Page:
If you are a hardcore gamer or know someone who is, you've probably heard the abbreviations MMORPG and ARG.
MMORPG stands for Massively Multiplayer Online Role-Playing Game, and they're hugely popular with online gamers. The gist of MMORPGS is that they are, at their core, role-playing games in which players assume the role of a character inside the game. Imagine a couple of friends playing Dungeons and Dragons and you'll get the idea. Now take that picture and extend it to millions of players around the world connected via the Internet, and you have an MMORPG. On the other hand, an ARG, or Alternate Reality Game, is played in the real world with players acting out a fictional plotline.
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With their role-playing nature, it's easy to see how MMORPGs and ARGs tap into the imagination of the players...which makes it, in some ways, not unlike reading fiction. Meanwhile, science fiction—no slacker itself when it comes to imagination and tapping into the minds of an audience—has taken a cue from reality and leveraged the world of MMORPGs and ARGs to launch some really interesting stories.
Let's take a look at a few science-fiction novels that are heavily reliant of the idea of MMORPGs and ARGs...
The Dagmar Shaw Series by Walter Jon Williams
This near-future science fiction series (comprised of three books so far) blurs the line between reality and fiction. In This Is Not a Game, a ARG game designer named Dagmar Shaw finds herself stranded on the wrong side of the economic collapse in Jakarta and relies on her ARG gaming friends to rescue her. In Deep State, Dagmar's game-running skills put her in a position akin to international spy, a fact that does not go unnoticed by the U.S. government. In The Fourth Wall (just published), Dagmar applies her unique talents in Hollywood where she ostensibly acts as a talent scout...until the film production becomes the setting for murder, mystery and intrigue.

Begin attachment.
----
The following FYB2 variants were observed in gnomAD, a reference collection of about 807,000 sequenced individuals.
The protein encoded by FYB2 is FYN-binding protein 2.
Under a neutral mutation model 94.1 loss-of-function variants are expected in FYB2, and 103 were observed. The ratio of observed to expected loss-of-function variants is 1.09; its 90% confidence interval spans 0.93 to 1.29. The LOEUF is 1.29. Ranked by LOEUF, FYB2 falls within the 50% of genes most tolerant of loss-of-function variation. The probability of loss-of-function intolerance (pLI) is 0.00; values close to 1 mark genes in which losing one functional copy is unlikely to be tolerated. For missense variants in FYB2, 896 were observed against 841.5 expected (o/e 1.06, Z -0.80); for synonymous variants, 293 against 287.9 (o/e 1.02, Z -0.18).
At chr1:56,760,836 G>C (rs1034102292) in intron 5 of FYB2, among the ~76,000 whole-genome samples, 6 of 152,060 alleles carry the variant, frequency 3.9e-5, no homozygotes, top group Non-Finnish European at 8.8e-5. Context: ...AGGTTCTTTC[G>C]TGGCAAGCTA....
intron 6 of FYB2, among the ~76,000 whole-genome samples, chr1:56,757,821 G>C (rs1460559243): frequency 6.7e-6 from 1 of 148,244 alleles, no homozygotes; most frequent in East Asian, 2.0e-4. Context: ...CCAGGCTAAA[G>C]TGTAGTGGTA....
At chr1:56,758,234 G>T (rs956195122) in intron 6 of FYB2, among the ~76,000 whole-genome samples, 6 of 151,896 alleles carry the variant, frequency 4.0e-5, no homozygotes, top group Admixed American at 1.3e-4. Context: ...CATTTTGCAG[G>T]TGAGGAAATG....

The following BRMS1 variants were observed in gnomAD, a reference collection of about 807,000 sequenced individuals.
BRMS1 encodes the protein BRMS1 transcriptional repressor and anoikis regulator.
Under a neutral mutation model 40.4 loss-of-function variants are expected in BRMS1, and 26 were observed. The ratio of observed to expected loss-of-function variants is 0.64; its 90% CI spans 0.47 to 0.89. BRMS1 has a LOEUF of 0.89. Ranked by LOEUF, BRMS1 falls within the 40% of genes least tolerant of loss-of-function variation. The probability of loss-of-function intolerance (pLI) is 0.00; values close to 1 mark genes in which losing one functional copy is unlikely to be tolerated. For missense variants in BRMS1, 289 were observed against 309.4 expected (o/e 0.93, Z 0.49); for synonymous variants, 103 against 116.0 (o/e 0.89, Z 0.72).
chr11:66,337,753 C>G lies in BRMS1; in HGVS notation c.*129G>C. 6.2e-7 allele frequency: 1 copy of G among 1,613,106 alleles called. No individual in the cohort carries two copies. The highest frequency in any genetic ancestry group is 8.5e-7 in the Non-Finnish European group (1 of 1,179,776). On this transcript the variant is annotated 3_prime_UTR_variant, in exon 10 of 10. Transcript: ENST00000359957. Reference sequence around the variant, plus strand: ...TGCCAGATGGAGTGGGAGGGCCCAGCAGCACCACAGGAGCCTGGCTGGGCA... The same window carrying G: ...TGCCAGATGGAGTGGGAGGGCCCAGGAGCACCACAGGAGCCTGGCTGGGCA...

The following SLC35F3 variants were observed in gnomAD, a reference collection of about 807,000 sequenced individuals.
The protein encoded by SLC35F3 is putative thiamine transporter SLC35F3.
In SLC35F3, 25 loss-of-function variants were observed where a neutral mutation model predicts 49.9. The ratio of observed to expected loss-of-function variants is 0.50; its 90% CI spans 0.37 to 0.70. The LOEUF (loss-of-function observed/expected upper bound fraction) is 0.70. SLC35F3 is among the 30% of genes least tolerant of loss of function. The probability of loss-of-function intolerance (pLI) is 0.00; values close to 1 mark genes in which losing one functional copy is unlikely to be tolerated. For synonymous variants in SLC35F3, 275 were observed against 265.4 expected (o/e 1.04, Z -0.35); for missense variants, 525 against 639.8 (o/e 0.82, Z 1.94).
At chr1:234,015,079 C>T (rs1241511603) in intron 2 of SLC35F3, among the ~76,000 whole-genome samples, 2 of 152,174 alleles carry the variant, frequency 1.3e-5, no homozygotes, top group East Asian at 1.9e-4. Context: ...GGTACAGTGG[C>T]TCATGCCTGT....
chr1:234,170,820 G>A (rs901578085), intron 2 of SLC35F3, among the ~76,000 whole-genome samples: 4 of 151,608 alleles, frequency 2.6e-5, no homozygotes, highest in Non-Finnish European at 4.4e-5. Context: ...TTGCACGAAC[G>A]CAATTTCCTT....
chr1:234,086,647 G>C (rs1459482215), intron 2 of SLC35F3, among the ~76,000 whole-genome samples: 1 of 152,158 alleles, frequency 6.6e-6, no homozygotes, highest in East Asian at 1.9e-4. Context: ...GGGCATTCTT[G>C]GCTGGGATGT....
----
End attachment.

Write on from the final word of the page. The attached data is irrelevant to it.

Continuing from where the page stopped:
Halting State by Charles Stross
Stross' near-future techno-crime thriller, Halting State, deals with a robbery at a software company that develop MMORPGs. The twist is that the robbery has taken place inside their MMORPG by a band of marauding orcs. (Are there any other kind?) Sgt. Sue Smith of the Edinburgh constabulary is called in to solve the crime, which has very definite consequences in the real world. Stross also wrote Rule 34, a loose sequel to Halting State, which involves a string of murders where the victims are all spammers.
Omnitopia Dawn by Diane Duane
In the near-future techno-thriller Omnitopia Dawn, the MMORPG world of Omnitopia has become incredibly popular since it periodically selects one of its players to create a unique world of their own and profit from it. Thus, Omnitopia is an ever-growing enterprise for the company that developed it, much to the consternation of the company's rivals. (A sequel, Omnitopia: East Wind, is due later this year.)
For the Win by Cory Doctorow
In For the Win, Doctorow uses the MMORPG idea of gold-farming—acquiring in-game wealth which is then sold to other players in real life for real money—as the basis for a youth revolution involving the book's young characters. Along the way, he dishes out easy-to-swallow lessons on macroeconomics and labor rights.
Ready Player One by Ernest Cline
The real-world energy crisis and subsequent economic collapse has caused people to flee to the relative comfort of a popular MMORPG called OASIS, whose mega-rich creator dies but leaves an enticing message to the world: he will leave his billions to whoever finds the hidden "Easter Egg" in OASIS. Sounds like good news for the student who figures out the first clue...until he learns that folks in the real world will stop at nothing to gain an edge. Ernest Cline infuses ’80s pop culture into this MMORPG-based thriller.
John DeNardo is the editor of SF Signal, a group science-fiction and fantasy blog featuring news, reviews and interviews.